If a company is entitled, we’ll let the government entities know. This is publicly available information. We want to get the information out. It’s on our Web site. Chicago’s Department of Planning & Development puts city incentives on their site as well. The Illinois Department of Commerce & Economic Opportunity has incentive information on their Web site, too.
MM: What non-financial incentives do you offer?
TB: First, all of our assistance, information and contacts are provided free of charge. Second, there are additional government programs (such as training). The state of Illinois has a program that can provide up to half of workforce training costs to qualified companies and the Mayor’s Office of Workforce Development in Chicago also provides training and recruitment assistance.
There are also incentives in the form of taxes that others impose and we do not. For example, Illinois does not impose taxes on personal property other than real estate or an intangibles tax. There is no inventory tax. Illinois corporate tax is sales only on in-state sales, which benefits large and multi-state companies. Unlike New York City and several others, Chicago does not impose a city income tax.
MM: With which other cities does Chicago compete? When and how does Chicago win?
TB: There are so many permutations here. For foreign companies, we obviously are competing against larger and sometimes mid-size U.S. cities. One pattern might be Chicago versus New York City for finance and other high-end operations where we feel we can demonstrate great advantages for our case.
Sometimes it’s Chicago versus the coasts in which case we have both an access and cost advantage as well as other industry-specific advantages. The other pattern would be Chicago versus Denver, Dallas and Atlanta in which someone is looking for a city with a major hub airport as a base.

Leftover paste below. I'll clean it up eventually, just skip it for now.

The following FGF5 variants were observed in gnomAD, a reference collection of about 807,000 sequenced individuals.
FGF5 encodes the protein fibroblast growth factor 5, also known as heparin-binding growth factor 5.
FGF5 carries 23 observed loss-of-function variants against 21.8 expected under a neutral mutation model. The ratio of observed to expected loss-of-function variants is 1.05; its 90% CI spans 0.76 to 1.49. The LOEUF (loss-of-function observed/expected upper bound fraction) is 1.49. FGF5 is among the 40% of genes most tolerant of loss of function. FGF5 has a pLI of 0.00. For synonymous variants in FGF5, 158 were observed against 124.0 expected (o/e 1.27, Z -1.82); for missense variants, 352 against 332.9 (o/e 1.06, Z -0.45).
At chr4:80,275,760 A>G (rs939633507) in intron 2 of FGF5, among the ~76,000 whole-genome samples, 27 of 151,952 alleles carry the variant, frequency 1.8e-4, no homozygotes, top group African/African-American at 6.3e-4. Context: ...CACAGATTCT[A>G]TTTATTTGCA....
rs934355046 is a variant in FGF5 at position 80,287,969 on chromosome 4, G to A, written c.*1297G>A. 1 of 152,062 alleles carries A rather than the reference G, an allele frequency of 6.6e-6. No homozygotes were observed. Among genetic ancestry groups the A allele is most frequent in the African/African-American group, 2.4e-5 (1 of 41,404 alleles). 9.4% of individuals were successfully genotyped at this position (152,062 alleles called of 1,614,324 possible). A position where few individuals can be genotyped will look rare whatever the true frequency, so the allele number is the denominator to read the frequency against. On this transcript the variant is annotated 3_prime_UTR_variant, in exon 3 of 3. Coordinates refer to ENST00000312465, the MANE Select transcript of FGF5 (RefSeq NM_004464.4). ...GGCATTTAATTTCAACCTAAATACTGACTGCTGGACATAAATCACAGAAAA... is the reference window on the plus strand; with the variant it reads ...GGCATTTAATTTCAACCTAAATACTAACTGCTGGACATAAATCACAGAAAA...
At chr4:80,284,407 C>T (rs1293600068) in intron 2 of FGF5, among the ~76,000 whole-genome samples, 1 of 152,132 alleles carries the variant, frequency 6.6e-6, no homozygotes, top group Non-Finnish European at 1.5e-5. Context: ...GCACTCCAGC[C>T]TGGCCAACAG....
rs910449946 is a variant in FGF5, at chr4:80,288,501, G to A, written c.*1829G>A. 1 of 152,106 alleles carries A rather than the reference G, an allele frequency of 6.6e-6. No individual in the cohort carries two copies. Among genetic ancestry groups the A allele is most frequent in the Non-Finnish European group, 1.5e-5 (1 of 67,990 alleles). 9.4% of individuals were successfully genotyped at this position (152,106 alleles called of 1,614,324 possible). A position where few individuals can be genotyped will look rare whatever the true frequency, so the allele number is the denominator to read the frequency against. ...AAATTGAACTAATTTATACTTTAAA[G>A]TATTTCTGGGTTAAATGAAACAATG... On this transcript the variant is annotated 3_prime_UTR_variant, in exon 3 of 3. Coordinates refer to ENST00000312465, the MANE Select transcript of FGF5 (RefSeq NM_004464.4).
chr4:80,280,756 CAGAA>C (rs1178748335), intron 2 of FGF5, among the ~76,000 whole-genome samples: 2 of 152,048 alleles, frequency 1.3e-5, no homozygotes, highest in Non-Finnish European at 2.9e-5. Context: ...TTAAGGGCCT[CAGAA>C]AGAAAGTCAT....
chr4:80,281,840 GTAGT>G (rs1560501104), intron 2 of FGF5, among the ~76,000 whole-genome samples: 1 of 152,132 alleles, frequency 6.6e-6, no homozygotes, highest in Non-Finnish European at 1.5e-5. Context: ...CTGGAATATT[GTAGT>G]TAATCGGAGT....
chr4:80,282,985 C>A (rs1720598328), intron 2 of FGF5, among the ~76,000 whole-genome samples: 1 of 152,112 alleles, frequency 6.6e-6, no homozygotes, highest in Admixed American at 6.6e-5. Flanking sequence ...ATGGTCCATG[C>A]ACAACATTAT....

Denver’s relatively small size, smaller business community and low international profile tends to generally work against them. Dallas (where I once worked) and Atlanta are more serious competitors. Still, we do have the edge over them too in various ways I’ve already outlined. We can make a strong case for preferring Chicago if we get our turn at bat.
MM: What’s your relationship with other city, county, state and federal organizations?
TB: It’s very collaborative. With the city, we work often with the Department of Planning & Development. I work periodically with the city’s Office of Protocol and with the Illinois Department of Commerce & Economic Opportunity, which works with investment for Illinois. The state also has foreign offices. We’ve worked in particular with the Toronto, Brussels and Tokyo offices.
MM: How do you work together with foreign consulates and chambers of commerce?
TB: They’re good about funneling leads to us. They often come to us for general information on the local economy.
They’re interested to hear what we have to say. They forward what we’re telling to folks back in their capitals. They want them to know how important the Chicago post is to them. It’s not competitive. It’s collaborative. We’re an open book in terms of information on Chicago. We have an excellent story to tell. It’s to our benefit to get that word out.